Cancer concerns

THE contradictions at the heart of the coalition's NHS policy are further illustrated by the updated cancer strategy that has now been unveiled by Andrew Lansley. Even though he is committed to allowing GPs to determine priorities at a local level, this is another example of the Minister setting the agenda.

And, even though cancer care has received unprecedented funding in recent years, Mr Lansley has decided that even more money should be allocated to such treatment – despite the wider financial pressures that are now afflicting the National Health Service.

No one will disagree with the Minister's sentiments; every family across the Yorkshire has been, or will be, touched by cancer. Yet what Mr Lansley should, perhaps, be undertaking is a review of current policies to see if funding can be spent more efficiently as the NHS looks to save 20bn by 2015.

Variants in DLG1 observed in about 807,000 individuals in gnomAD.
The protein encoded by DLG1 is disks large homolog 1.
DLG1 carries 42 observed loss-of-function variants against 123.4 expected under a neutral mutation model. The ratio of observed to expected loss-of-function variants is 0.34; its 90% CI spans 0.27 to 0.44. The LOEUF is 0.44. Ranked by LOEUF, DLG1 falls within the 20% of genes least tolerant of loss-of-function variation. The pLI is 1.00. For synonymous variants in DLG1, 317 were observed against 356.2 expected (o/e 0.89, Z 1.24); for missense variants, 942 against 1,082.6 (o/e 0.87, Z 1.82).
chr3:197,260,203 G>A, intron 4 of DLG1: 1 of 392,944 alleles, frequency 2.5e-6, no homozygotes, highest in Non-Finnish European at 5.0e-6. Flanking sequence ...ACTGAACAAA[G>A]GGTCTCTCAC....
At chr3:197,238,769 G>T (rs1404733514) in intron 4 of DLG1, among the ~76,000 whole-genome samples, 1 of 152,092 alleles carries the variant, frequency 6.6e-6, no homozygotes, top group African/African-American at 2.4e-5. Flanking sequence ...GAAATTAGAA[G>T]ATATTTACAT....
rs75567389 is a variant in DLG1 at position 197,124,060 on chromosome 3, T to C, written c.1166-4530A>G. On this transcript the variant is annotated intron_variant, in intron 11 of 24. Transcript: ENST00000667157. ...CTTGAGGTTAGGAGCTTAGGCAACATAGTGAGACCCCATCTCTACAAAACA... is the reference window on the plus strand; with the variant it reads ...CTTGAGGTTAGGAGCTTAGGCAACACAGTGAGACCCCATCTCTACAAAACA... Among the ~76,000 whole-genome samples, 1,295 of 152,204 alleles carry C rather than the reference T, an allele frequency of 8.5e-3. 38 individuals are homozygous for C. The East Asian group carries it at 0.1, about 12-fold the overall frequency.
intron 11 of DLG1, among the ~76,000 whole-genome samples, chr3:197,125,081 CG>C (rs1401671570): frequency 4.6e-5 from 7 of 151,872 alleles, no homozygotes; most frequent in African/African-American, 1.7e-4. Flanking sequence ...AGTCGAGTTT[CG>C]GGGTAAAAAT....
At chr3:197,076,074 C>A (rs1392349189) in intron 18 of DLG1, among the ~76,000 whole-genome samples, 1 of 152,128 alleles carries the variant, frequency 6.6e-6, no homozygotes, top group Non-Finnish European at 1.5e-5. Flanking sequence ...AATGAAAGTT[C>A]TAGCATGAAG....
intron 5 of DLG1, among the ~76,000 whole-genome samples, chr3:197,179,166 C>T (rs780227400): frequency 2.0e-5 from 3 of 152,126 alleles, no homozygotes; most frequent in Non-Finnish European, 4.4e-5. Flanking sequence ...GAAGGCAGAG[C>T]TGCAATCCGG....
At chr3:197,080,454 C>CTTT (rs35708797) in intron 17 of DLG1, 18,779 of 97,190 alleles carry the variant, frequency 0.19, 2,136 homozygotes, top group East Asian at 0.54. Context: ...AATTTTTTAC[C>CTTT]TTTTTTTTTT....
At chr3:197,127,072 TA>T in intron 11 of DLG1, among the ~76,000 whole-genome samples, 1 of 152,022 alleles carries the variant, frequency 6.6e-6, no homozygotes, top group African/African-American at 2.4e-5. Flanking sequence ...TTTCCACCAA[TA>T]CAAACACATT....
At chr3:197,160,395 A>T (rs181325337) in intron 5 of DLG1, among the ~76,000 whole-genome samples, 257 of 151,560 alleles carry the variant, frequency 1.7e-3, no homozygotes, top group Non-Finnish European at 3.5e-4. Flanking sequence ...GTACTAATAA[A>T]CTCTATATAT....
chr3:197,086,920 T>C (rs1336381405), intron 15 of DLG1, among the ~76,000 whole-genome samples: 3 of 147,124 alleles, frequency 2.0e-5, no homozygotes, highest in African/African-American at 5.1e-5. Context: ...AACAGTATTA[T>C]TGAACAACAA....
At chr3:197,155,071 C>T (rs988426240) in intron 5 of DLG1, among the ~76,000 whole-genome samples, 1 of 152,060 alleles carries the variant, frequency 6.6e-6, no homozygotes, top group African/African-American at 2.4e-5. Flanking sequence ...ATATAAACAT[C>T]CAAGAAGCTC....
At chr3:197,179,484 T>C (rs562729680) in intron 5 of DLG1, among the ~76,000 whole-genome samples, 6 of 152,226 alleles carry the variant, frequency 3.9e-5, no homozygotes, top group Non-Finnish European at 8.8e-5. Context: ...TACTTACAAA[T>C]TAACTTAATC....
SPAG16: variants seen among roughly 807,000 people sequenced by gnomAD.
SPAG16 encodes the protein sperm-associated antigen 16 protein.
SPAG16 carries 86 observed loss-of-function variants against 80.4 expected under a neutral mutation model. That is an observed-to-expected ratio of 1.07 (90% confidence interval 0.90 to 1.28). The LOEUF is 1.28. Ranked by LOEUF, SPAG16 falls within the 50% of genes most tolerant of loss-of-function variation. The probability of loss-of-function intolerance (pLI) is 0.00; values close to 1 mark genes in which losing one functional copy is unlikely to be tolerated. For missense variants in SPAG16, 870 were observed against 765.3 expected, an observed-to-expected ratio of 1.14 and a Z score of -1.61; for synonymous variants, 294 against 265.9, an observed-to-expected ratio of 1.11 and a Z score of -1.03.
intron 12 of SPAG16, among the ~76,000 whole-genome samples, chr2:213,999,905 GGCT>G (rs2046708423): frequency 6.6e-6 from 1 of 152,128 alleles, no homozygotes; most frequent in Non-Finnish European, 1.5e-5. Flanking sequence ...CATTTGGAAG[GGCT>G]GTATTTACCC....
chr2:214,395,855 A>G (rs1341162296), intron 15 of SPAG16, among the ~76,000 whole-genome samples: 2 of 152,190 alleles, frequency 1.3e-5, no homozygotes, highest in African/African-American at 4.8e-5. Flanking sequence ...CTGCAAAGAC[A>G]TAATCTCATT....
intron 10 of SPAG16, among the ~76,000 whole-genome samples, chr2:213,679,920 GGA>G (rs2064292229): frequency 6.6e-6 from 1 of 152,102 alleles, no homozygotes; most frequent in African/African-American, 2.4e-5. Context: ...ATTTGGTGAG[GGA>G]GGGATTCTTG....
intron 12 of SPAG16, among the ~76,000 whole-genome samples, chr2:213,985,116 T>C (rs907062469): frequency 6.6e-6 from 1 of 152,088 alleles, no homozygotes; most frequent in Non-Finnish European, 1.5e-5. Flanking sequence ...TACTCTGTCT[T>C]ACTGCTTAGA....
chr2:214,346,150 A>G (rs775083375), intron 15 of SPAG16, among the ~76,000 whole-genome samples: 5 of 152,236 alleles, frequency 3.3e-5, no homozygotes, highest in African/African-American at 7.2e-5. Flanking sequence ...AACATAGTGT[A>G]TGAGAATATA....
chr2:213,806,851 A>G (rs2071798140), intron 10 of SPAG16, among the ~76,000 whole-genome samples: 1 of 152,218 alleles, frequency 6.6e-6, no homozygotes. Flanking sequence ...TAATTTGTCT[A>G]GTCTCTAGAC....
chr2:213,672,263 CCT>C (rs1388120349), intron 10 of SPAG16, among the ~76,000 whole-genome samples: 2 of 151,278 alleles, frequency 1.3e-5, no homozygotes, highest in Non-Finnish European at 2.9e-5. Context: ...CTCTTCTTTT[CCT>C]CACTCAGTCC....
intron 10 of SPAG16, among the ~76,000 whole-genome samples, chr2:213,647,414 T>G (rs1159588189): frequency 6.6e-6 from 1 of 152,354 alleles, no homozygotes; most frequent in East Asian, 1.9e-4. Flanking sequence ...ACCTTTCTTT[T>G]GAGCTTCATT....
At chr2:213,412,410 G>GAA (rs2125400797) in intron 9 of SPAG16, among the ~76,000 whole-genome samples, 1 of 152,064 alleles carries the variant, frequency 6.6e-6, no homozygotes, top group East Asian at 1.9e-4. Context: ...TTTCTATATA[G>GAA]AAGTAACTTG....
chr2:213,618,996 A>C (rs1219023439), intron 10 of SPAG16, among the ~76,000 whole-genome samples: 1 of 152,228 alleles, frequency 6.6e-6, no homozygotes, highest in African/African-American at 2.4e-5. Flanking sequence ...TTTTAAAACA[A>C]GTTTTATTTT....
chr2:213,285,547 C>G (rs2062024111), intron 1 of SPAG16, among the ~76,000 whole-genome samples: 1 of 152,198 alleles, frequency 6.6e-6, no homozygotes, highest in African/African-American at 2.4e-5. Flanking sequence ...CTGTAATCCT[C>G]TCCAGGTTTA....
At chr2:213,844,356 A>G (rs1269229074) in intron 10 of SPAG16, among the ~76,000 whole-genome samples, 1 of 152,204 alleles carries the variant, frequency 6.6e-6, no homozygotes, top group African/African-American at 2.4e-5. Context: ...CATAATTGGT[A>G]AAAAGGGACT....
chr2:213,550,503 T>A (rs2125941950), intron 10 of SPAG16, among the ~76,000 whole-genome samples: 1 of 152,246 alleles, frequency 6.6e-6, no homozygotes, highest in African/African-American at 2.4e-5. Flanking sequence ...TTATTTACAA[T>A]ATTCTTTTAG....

Such an exercise has been fundamental to the improvements in stroke care now being experienced, and where the number of deaths has reduced by a quarter across Yorkshire because of greater co-operation between hospitals and care agencies. Similar opportunities potentially exist with cancer care, but it will only happen if politicians, and health professionals, provide a sufficient lead.

Given the failings in his department's flu vaccination strategy, it is understandable that Mr Lansley wants to give GPs the power to send patients directly for tests without being referred to a consultant. This will help, potentially, to save 5,000 lives a year. But the greatest difference will come from patients seeking medical advice at the earliest opportunity, and GPs being able to correctly diagnose the likelihood of cancer. These are points that will have to be considered if Mr Lansley is to achieve his laudable aspiration.